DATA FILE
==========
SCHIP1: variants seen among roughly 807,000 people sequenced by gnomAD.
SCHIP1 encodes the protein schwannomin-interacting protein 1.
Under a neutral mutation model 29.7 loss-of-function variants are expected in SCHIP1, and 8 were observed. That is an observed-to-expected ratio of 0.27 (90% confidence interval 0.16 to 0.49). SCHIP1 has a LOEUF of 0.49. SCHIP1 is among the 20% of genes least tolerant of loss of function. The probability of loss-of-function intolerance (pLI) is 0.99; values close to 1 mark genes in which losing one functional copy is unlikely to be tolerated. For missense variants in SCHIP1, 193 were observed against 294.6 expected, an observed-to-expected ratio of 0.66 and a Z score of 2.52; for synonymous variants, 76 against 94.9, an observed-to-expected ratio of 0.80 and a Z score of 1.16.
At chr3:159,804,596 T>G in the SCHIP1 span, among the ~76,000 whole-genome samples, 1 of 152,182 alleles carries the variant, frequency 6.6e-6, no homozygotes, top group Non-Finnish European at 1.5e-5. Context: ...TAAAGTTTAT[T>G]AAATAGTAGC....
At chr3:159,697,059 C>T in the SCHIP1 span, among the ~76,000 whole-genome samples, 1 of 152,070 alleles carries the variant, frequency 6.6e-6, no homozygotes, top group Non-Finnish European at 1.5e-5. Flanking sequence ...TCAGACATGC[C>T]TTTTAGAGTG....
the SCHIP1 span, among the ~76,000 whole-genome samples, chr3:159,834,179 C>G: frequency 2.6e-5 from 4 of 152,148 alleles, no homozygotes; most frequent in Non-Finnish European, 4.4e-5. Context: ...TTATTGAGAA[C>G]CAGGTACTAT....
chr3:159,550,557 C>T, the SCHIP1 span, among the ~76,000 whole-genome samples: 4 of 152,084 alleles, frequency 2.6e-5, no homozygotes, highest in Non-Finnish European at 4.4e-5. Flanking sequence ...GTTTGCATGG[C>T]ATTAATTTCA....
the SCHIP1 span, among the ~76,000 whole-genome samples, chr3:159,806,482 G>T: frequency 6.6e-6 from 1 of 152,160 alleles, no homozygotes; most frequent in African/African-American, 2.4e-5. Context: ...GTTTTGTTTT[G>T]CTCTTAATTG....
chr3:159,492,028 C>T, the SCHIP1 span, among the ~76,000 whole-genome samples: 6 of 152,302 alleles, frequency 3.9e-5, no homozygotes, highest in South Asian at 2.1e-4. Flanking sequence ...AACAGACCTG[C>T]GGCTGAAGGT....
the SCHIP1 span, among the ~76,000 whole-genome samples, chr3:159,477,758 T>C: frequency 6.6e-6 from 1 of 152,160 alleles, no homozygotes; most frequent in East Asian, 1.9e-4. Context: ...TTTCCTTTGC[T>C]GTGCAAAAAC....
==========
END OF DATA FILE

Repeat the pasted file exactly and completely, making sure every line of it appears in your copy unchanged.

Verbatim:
SCHIP1: variants seen among roughly 807,000 people sequenced by gnomAD.
SCHIP1 encodes the protein schwannomin-interacting protein 1.
Under a neutral mutation model 29.7 loss-of-function variants are expected in SCHIP1, and 8 were observed. That is an observed-to-expected ratio of 0.27 (90% confidence interval 0.16 to 0.49). SCHIP1 has a LOEUF of 0.49. SCHIP1 is among the 20% of genes least tolerant of loss of function. The probability of loss-of-function intolerance (pLI) is 0.99; values close to 1 mark genes in which losing one functional copy is unlikely to be tolerated. For missense variants in SCHIP1, 193 were observed against 294.6 expected, an observed-to-expected ratio of 0.66 and a Z score of 2.52; for synonymous variants, 76 against 94.9, an observed-to-expected ratio of 0.80 and a Z score of 1.16.
At chr3:159,804,596 T>G in the SCHIP1 span, among the ~76,000 whole-genome samples, 1 of 152,182 alleles carries the variant, frequency 6.6e-6, no homozygotes, top group Non-Finnish European at 1.5e-5. Context: ...TAAAGTTTAT[T>G]AAATAGTAGC....
At chr3:159,697,059 C>T in the SCHIP1 span, among the ~76,000 whole-genome samples, 1 of 152,070 alleles carries the variant, frequency 6.6e-6, no homozygotes, top group Non-Finnish European at 1.5e-5. Flanking sequence ...TCAGACATGC[C>T]TTTTAGAGTG....
the SCHIP1 span, among the ~76,000 whole-genome samples, chr3:159,834,179 C>G: frequency 2.6e-5 from 4 of 152,148 alleles, no homozygotes; most frequent in Non-Finnish European, 4.4e-5. Context: ...TTATTGAGAA[C>G]CAGGTACTAT....
chr3:159,550,557 C>T, the SCHIP1 span, among the ~76,000 whole-genome samples: 4 of 152,084 alleles, frequency 2.6e-5, no homozygotes, highest in Non-Finnish European at 4.4e-5. Flanking sequence ...GTTTGCATGG[C>T]ATTAATTTCA....
the SCHIP1 span, among the ~76,000 whole-genome samples, chr3:159,806,482 G>T: frequency 6.6e-6 from 1 of 152,160 alleles, no homozygotes; most frequent in African/African-American, 2.4e-5. Context: ...GTTTTGTTTT[G>T]CTCTTAATTG....
chr3:159,492,028 C>T, the SCHIP1 span, among the ~76,000 whole-genome samples: 6 of 152,302 alleles, frequency 3.9e-5, no homozygotes, highest in South Asian at 2.1e-4. Flanking sequence ...AACAGACCTG[C>T]GGCTGAAGGT....
the SCHIP1 span, among the ~76,000 whole-genome samples, chr3:159,477,758 T>C: frequency 6.6e-6 from 1 of 152,160 alleles, no homozygotes; most frequent in East Asian, 1.9e-4. Context: ...TTTCCTTTGC[T>C]GTGCAAAAAC....